RECIPE: Fish & Greens & Grits

You know you’ve hit it out of the park when your food-loving husband stops to take  picture before he starts eating dinner.

On tonight’s menu: a bed of cheese grits with a layer of kale, bacon, onion, pepper, mushroom and garlic, topped with a perfectly-seared piece of salmon. OH YES!

This was incredibly easy to make. If you’ve followed my blog or Facebook posts for a while you know I’m not overly good at recipes with exact measurements.

Here’s what I did –

Took leftover grits (I use organic yellow corn grits from the bulk section) and added milk and butter. Microwaved and stirred in short spurts until hot. Then added Colby Jack and Italian shredded cheeses. Stir, stir, stir. If I’d made them from scratch they would have been even creamier.

Sauteed an enormous panful of kale greens in olive oil, added parsley, blackened seasoning, garlic, and a big dash of cumin. Added a little bit of water so it wouldn’t get crispy.

Took leftover bacon, peppers, onions, and mushrooms that I fried up yesterday for breakfast and stirred it into the greens.

As all that was cooking, I heated a cast iron pan to HOT and put down a little olive oil, I laid the three hunks of salmon (I buy frozen 6-packs for $20-ish at Whole Foods) down in the pan and cooked for about 3 minutes per side, then browned the sides. When nearly done, I sprinkled with blackened seasoning.

Big bowl: Grits, then greens with the tiny bit of liquid (some people call it “pot liquor), then salmon on top. A few sprinkles of parmesan and a little dab of butter.

Because the grits were pre-made, this was incredibly fast – maybe 15 minutes? And yummy! And fresh! It’s definitely a do-again!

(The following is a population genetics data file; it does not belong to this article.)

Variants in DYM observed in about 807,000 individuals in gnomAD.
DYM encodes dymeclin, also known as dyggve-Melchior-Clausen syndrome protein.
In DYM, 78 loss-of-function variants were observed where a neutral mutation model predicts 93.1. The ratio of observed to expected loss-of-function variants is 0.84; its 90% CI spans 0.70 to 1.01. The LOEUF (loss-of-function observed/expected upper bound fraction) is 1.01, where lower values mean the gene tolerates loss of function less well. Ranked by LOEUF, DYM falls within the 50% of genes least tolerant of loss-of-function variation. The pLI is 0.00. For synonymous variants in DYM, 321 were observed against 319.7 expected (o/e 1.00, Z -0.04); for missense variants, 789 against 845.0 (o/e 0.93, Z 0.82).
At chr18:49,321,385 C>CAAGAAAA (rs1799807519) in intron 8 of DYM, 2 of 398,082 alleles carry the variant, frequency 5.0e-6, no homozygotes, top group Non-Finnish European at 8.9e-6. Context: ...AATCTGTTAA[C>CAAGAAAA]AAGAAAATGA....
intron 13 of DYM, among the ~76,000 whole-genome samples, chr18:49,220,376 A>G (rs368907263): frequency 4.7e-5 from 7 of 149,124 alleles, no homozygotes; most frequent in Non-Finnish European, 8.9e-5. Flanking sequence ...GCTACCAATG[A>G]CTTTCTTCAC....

Rush, Idris Elba, and the REAL James Bond

I kinda get what Rush is saying about James Bond. I couldn’t disagree with him more, but I do think all the hoopla labeling him as racist is, well, pretty racist.

Here’s part of it: “But now [they are] suggesting that the next James Bond should be Idris Elba, a black Briton, rather than a white from Scotland. But that’s not who James Bond is and I know it’s racist to probably point this out.” He then went on to compare it to casting white men as Obama or Mandela.

I think his analogy falls utterly apart. It would be better to compare it with “Morpheus” or “Blade” or “Virgil Tibbs” being cast by white guys. His point is not racist but LITERARY – a character is what a character IS … if you were making a movie about an Irish girl, you wouldn’t cast Whoopi Goldberg or Lucy Lui to play that role… any more than you’d cast Jennifer Lawrence in a role as a black teenager growing up in the civil rights movement. But you COULD cast any of those women as a woman, regardless of their skin color.

I hope this is making sense??

But that said, and as a Bond fan, I believe that Idris Elba would be a great James Bond.

I totally disagree with Rush that a strict conformance to the original storyline is necessary; mostly because the producers of the movies never felt that way. One of the stories I read on the subject says, “Limbaugh’s argument about Bond being white and Scottish appears easy to torpedo. Roger Moore was English, Pierce Brosnan Irish and George Lazenby Australian. Meanwhile, Timothy Dalton was born in Wales to an English father and American mother. In any case, Fleming only began adding hints of a Scottish ancestry to 007’s backstory after the extraordinary success of Sean Connery’s first movie as Bond, Dr No, in 1962.”  DO not that most Americans cannot even remotely distinguish between those accents.